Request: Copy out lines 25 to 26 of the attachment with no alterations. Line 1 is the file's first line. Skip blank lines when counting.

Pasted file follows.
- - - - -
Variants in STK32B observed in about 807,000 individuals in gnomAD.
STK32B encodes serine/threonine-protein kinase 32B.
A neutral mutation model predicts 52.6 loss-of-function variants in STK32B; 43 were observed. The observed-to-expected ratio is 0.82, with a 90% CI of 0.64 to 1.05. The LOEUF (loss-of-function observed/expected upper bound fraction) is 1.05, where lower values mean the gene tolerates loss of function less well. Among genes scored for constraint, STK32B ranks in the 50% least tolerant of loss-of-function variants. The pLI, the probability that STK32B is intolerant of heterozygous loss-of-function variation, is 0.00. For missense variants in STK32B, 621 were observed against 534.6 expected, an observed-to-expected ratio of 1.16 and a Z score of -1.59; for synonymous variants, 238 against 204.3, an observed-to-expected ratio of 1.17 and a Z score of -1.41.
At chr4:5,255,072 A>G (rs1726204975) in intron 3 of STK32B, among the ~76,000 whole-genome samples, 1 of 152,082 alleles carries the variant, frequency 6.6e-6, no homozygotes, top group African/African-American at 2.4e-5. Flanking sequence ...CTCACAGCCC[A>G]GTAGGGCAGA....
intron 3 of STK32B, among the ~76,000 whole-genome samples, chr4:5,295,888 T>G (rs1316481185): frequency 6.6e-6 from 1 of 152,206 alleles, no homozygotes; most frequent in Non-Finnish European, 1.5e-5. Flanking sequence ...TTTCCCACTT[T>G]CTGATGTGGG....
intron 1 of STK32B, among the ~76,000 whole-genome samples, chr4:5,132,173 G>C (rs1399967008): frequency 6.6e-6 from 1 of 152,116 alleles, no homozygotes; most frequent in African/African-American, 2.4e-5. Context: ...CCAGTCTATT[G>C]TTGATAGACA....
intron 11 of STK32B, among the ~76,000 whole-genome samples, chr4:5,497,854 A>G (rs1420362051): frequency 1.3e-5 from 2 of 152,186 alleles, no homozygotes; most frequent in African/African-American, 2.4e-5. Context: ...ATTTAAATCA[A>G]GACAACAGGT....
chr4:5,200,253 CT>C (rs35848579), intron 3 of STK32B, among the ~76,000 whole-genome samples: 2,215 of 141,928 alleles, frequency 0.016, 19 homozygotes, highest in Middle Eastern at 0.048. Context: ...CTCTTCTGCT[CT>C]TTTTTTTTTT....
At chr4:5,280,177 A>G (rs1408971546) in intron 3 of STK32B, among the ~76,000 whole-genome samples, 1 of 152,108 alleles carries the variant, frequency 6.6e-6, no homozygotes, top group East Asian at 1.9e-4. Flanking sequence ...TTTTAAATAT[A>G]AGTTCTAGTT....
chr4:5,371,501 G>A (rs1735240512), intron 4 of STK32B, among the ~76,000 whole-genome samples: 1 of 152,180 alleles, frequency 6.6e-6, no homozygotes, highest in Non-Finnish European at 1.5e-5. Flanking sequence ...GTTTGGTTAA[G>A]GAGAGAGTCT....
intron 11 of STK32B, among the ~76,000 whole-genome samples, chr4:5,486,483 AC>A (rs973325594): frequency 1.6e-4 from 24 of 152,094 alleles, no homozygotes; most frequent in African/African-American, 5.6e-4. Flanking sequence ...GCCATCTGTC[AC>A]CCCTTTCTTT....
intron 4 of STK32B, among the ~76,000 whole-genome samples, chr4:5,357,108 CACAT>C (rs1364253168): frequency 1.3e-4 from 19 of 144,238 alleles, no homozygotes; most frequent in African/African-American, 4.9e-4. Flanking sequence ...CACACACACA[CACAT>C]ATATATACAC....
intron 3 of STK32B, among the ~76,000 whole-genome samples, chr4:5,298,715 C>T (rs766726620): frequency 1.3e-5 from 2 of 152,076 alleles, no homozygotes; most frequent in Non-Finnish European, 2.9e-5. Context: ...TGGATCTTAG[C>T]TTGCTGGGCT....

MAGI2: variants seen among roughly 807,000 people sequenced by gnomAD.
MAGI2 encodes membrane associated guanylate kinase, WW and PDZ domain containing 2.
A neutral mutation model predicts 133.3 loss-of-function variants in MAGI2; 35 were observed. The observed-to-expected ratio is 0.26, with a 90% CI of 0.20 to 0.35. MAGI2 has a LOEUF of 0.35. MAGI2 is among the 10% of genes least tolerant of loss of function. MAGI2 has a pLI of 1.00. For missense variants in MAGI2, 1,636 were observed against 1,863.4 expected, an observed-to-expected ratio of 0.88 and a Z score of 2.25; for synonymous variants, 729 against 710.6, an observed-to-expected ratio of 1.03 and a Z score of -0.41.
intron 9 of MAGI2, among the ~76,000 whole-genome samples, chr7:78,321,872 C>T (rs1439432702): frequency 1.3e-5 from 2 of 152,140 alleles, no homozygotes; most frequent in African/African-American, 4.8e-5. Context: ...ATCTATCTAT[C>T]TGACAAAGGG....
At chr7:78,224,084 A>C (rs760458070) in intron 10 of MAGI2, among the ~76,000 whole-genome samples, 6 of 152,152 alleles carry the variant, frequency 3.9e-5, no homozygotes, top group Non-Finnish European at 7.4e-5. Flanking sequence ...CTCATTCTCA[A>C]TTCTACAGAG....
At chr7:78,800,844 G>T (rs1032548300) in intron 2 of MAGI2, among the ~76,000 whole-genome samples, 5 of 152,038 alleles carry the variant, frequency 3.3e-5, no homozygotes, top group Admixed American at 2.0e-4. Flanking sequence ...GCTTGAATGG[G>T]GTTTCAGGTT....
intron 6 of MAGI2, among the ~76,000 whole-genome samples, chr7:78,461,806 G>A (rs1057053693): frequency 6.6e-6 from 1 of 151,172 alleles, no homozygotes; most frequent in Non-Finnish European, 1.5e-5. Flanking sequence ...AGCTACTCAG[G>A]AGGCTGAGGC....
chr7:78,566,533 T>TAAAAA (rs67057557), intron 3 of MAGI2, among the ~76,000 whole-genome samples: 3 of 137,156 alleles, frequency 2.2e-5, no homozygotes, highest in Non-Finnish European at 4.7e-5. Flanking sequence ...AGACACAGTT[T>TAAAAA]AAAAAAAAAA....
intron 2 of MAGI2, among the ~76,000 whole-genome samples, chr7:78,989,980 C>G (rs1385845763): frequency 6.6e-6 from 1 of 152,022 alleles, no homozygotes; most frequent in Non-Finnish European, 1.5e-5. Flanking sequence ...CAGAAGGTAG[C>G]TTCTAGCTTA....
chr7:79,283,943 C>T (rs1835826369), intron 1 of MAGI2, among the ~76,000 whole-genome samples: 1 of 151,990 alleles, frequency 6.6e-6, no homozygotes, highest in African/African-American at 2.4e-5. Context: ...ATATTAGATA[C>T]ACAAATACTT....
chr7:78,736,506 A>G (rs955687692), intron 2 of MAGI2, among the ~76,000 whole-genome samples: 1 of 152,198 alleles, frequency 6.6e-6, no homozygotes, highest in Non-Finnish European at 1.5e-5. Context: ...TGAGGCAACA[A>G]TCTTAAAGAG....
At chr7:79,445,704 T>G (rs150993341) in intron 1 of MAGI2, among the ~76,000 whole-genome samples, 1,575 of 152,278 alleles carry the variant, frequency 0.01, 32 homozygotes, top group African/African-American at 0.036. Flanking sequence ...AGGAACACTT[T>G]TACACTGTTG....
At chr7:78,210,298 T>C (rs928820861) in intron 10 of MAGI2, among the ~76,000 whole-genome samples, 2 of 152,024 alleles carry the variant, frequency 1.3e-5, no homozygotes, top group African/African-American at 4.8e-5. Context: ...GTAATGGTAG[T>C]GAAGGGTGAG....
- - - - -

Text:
At chr7:79,445,704 T>G (rs150993341) in intron 1 of MAGI2, among the ~76,000 whole-genome samples, 1,575 of 152,278 alleles carry the variant, frequency 0.01, 32 homozygotes, top group African/African-American at 0.036. Flanking sequence ...AGGAACACTT[T>G]TACACTGTTG....
At chr7:78,210,298 T>C (rs928820861) in intron 10 of MAGI2, among the ~76,000 whole-genome samples, 2 of 152,024 alleles carry the variant, frequency 1.3e-5, no homozygotes, top group African/African-American at 4.8e-5. Context: ...GTAATGGTAG[T>C]GAAGGGTGAG....